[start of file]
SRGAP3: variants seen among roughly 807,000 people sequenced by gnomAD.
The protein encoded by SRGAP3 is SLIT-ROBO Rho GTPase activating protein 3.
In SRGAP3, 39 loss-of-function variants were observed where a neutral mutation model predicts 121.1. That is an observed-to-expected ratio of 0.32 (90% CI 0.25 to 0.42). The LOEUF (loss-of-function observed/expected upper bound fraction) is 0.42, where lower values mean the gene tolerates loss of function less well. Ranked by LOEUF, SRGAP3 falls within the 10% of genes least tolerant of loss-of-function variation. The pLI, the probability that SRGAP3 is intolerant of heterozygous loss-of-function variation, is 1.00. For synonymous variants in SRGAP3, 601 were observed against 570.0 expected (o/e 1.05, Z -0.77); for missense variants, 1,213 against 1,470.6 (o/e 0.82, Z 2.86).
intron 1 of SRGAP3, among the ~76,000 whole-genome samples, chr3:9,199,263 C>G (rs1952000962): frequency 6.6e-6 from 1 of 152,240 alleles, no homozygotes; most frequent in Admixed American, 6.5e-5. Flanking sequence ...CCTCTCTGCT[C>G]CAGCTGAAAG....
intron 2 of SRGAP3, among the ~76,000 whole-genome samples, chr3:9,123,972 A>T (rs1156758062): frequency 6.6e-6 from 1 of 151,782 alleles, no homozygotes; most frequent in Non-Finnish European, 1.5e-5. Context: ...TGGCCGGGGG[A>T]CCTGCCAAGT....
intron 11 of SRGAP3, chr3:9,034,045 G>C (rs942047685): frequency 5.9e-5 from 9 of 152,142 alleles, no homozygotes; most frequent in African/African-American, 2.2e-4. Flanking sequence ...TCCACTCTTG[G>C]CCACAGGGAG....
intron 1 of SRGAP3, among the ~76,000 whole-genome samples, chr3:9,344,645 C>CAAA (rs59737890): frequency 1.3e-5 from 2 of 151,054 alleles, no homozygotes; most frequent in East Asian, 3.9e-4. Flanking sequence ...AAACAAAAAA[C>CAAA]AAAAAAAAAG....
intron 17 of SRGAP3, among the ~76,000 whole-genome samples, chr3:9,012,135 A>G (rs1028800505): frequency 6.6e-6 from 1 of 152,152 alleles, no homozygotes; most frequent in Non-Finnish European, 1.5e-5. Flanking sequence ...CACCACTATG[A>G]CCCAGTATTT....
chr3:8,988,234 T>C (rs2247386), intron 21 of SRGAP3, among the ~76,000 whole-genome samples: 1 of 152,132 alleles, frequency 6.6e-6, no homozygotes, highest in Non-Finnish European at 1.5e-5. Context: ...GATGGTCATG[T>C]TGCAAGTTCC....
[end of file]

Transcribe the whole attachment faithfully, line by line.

SRGAP3: variants seen among roughly 807,000 people sequenced by gnomAD.
The protein encoded by SRGAP3 is SLIT-ROBO Rho GTPase activating protein 3.
In SRGAP3, 39 loss-of-function variants were observed where a neutral mutation model predicts 121.1. That is an observed-to-expected ratio of 0.32 (90% CI 0.25 to 0.42). The LOEUF (loss-of-function observed/expected upper bound fraction) is 0.42, where lower values mean the gene tolerates loss of function less well. Ranked by LOEUF, SRGAP3 falls within the 10% of genes least tolerant of loss-of-function variation. The pLI, the probability that SRGAP3 is intolerant of heterozygous loss-of-function variation, is 1.00. For synonymous variants in SRGAP3, 601 were observed against 570.0 expected (o/e 1.05, Z -0.77); for missense variants, 1,213 against 1,470.6 (o/e 0.82, Z 2.86).
intron 1 of SRGAP3, among the ~76,000 whole-genome samples, chr3:9,199,263 C>G (rs1952000962): frequency 6.6e-6 from 1 of 152,240 alleles, no homozygotes; most frequent in Admixed American, 6.5e-5. Flanking sequence ...CCTCTCTGCT[C>G]CAGCTGAAAG....
intron 2 of SRGAP3, among the ~76,000 whole-genome samples, chr3:9,123,972 A>T (rs1156758062): frequency 6.6e-6 from 1 of 151,782 alleles, no homozygotes; most frequent in Non-Finnish European, 1.5e-5. Context: ...TGGCCGGGGG[A>T]CCTGCCAAGT....
intron 11 of SRGAP3, chr3:9,034,045 G>C (rs942047685): frequency 5.9e-5 from 9 of 152,142 alleles, no homozygotes; most frequent in African/African-American, 2.2e-4. Flanking sequence ...TCCACTCTTG[G>C]CCACAGGGAG....
intron 1 of SRGAP3, among the ~76,000 whole-genome samples, chr3:9,344,645 C>CAAA (rs59737890): frequency 1.3e-5 from 2 of 151,054 alleles, no homozygotes; most frequent in East Asian, 3.9e-4. Flanking sequence ...AAACAAAAAA[C>CAAA]AAAAAAAAAG....
intron 17 of SRGAP3, among the ~76,000 whole-genome samples, chr3:9,012,135 A>G (rs1028800505): frequency 6.6e-6 from 1 of 152,152 alleles, no homozygotes; most frequent in Non-Finnish European, 1.5e-5. Flanking sequence ...CACCACTATG[A>G]CCCAGTATTT....
chr3:8,988,234 T>C (rs2247386), intron 21 of SRGAP3, among the ~76,000 whole-genome samples: 1 of 152,132 alleles, frequency 6.6e-6, no homozygotes, highest in Non-Finnish European at 1.5e-5. Context: ...GATGGTCATG[T>C]TGCAAGTTCC....